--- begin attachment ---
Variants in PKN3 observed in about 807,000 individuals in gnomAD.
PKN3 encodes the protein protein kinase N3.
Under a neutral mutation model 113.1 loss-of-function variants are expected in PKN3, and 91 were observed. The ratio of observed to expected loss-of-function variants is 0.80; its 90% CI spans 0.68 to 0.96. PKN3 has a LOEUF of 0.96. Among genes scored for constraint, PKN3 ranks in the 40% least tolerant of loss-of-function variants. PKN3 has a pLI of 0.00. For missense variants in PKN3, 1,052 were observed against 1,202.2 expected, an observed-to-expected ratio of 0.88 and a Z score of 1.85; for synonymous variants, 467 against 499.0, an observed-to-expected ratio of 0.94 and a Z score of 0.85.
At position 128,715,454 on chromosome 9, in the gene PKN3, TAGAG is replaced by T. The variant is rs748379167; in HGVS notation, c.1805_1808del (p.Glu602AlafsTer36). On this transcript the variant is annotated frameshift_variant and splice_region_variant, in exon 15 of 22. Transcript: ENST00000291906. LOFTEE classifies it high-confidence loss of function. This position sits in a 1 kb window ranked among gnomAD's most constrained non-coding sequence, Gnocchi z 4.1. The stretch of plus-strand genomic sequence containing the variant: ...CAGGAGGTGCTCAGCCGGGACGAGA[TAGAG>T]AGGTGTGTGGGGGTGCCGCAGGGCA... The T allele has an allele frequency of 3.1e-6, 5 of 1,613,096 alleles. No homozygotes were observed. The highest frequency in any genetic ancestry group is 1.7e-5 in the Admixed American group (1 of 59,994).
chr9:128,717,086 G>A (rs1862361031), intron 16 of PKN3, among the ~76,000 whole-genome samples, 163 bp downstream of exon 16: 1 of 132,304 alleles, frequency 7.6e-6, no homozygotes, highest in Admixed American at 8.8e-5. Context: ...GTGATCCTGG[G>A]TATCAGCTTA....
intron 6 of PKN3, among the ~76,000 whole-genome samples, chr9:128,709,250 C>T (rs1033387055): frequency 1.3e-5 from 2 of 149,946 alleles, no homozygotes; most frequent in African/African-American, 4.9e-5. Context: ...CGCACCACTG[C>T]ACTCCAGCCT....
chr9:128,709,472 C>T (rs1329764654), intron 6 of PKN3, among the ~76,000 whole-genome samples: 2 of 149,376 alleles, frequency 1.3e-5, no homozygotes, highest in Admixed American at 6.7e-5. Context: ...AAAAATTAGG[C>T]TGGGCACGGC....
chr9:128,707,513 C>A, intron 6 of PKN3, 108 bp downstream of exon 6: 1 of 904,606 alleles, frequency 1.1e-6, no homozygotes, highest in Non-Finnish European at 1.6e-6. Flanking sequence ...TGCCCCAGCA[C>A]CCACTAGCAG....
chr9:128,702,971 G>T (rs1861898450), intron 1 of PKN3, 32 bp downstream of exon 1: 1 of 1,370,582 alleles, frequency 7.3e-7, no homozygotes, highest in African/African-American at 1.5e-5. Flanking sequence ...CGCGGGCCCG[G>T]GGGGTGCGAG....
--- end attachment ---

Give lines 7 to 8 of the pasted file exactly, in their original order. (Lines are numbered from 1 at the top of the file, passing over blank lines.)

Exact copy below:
chr9:128,709,472 C>T (rs1329764654), intron 6 of PKN3, among the ~76,000 whole-genome samples: 2 of 149,376 alleles, frequency 1.3e-5, no homozygotes, highest in Admixed American at 6.7e-5. Context: ...AAAAATTAGG[C>T]TGGGCACGGC....
chr9:128,707,513 C>A, intron 6 of PKN3, 108 bp downstream of exon 6: 1 of 904,606 alleles, frequency 1.1e-6, no homozygotes, highest in Non-Finnish European at 1.6e-6. Flanking sequence ...TGCCCCAGCA[C>A]CCACTAGCAG....